Capitol Seeks Order Banning ReDigi From Selling 'Used' Tracks
EMI's Capitol Records has escalated its legal battle with the start-up ReDigi by asking a federal judge in New York to order the company to stop selling “used” digital songs.
In court papers filed this week, Capitol argues that it is suffering irreparable harm, due to ReDigi's business model, which centers on selling used digital tracks. ReDigi, which stands for recycled digital media, says it enables consumers to resell digital music they purchased.
ReDigi says it scans users' hard drives for proof that the music was acquired legally, and then allows users to upload their tracks. The company then deletes the original -- although it doesn't appear to have any way of knowing that consumers didn't make extra copies before offering the tracks for resale.
ReDigi subsequently offers to sell the “used” version to other buyers. The company adds that it “gives back to artists and labels through generous payments with every track sold (and resold).
The startup asserts that the “first sale” doctrine gives consumers the same ability to resell digital tracks as physical CDs or vinyl records. Courts have generally held that consumers can resell products they have lawfully acquired.
But Capitol counters that ReDigi isn't covered by first sale principles because it is copying the files (or enabling users to do so) before selling them. “The 'used' music files ReDigi markets ... are not secondhand, scratched CDs that physically pass from one user to another, but pristine digital files that ReDigi reproduces, stores and distributes without authorization,” ReDigi argues in court papers filed with U.S. District Court Judge Richard Sullivan in Manhattan.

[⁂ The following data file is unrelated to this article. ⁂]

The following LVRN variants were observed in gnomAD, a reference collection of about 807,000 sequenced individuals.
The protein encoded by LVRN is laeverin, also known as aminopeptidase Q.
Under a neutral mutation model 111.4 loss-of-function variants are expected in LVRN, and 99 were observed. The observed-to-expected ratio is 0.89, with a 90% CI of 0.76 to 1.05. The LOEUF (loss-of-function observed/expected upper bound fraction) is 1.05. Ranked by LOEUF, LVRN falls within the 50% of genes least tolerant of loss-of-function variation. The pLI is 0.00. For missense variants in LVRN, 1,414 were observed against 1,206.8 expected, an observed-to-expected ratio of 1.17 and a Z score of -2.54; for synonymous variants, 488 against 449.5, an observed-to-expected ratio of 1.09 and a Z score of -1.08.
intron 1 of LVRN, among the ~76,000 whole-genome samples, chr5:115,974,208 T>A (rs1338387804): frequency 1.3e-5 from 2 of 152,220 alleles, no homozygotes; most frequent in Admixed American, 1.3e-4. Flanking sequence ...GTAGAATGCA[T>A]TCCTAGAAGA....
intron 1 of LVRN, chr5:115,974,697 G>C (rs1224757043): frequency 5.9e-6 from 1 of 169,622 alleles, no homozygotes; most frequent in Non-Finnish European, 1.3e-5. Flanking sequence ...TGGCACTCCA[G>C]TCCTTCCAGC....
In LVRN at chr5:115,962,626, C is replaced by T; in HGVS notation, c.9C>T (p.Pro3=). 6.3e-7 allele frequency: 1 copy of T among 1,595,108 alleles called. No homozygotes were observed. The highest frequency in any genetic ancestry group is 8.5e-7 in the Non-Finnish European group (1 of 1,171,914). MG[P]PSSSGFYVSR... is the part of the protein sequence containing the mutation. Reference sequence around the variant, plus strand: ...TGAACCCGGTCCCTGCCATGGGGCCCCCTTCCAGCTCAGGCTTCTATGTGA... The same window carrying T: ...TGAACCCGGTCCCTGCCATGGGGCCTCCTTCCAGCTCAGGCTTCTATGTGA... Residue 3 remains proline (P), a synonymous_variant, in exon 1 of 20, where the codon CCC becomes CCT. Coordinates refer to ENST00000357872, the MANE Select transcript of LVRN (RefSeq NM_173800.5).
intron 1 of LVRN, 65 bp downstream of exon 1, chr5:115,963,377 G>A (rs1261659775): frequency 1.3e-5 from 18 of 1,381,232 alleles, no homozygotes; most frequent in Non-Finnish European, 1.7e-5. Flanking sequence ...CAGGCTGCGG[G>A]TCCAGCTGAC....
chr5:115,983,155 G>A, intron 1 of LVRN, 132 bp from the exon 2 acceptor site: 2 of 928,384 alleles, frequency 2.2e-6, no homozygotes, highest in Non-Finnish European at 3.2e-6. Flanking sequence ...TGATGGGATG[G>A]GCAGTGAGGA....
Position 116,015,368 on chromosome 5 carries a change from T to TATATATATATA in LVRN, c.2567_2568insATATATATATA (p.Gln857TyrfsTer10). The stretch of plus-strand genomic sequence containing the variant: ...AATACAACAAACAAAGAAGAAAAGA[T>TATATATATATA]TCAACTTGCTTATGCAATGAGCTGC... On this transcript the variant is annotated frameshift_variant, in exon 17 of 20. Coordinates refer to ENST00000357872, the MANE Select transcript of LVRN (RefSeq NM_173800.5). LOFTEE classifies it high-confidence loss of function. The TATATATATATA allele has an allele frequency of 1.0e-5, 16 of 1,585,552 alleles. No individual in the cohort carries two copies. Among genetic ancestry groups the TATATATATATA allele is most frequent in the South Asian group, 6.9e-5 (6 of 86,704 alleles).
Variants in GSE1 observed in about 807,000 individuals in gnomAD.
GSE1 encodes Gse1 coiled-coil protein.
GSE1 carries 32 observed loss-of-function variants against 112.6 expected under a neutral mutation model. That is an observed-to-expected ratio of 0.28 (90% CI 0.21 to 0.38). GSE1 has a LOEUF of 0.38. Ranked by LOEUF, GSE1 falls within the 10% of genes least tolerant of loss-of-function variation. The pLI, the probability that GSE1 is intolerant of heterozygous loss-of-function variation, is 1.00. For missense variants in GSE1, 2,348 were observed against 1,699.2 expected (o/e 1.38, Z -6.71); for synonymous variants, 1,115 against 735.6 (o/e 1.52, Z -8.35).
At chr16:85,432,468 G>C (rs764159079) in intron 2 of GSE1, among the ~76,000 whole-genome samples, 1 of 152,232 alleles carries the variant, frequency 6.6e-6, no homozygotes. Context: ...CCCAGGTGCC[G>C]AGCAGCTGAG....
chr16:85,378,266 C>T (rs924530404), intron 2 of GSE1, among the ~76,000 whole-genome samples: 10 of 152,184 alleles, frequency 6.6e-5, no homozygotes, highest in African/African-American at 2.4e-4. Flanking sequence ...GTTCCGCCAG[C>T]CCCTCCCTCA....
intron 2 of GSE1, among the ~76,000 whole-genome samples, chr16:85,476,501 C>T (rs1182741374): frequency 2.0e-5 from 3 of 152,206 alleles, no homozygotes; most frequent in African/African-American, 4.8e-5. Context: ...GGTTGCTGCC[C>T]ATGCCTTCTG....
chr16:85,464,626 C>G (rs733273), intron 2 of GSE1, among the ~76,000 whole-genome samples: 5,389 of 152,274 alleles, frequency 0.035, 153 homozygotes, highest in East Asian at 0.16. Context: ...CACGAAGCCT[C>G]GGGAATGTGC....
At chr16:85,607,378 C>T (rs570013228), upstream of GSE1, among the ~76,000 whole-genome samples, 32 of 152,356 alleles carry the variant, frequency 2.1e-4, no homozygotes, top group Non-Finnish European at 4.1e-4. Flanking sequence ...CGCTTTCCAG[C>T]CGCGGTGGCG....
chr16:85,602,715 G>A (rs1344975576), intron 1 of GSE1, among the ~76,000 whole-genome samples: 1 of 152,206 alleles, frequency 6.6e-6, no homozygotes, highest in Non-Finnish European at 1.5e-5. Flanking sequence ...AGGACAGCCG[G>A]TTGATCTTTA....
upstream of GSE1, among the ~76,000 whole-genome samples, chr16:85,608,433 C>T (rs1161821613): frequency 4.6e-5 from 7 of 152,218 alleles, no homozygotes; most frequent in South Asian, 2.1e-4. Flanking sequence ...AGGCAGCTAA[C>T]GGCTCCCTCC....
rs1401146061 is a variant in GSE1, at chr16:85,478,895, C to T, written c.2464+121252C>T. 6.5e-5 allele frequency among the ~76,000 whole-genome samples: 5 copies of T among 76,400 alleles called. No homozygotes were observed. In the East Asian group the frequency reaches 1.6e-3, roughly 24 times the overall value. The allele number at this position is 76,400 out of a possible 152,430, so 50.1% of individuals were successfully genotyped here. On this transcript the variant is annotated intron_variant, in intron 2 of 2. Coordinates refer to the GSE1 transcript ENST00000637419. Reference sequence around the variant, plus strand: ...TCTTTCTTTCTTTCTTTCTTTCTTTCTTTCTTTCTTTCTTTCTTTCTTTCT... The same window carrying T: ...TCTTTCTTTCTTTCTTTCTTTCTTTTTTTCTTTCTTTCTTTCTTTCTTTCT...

The record label, which sued ReDigi several weeks ago, is now seeking an order directing ReDigi to stop selling Capitol tracks immediately.
Capitol says it is entitled to a preliminary injunction for several reasons. First, Capitol alleges, it has no way to monitor how many of tracks are being sold through the service, which could make it impossible to later determine monetary damages.
Secondly, the label says that ReDigi is causing confusion in the marketplace. “In promoting its service, ReDigi misleads the public into believing that its distribution scheme is legal and approved by and beneficial to record companies like Capitol,” the company alleges.
Capitol adds that it hasn't received compensation for many of the used tracks sold by ReDigi, despite the company's promise to pay artists and labels. “Consumers who might otherwise be disinclined to engage in infringement may be coaxed into unlawful activity with the false promise that they are acting in accordance with the law and actually benefitting the recording company,” Capitol argues.
ReDigi filed papers on Friday opposing Capitol's request. The 15-person startup says a preliminary injunction against it would “devastate” the company“ -- effectively shutting it down, and putting it out of business before this case can be resolved on the merits.”
In its papers, ReDigi says it keeps “detailed records” of all transactions, which would make it possible to determine damages if Capitol prevails in the case.
The company also argues that it is allowed to copy users' tracks -- or enable users to copy their own tracks -- under “fair use” principles. “The only copying which takes place in the ReDigi service occurs when a user uploads music files to the ReDigi Cloud,” the company says. “Such copying is paradigmatic noncommercial personal use excepted from copyright infringement liability.”
Sullivan is slated to hold a hearing on the matter on Feb. 6.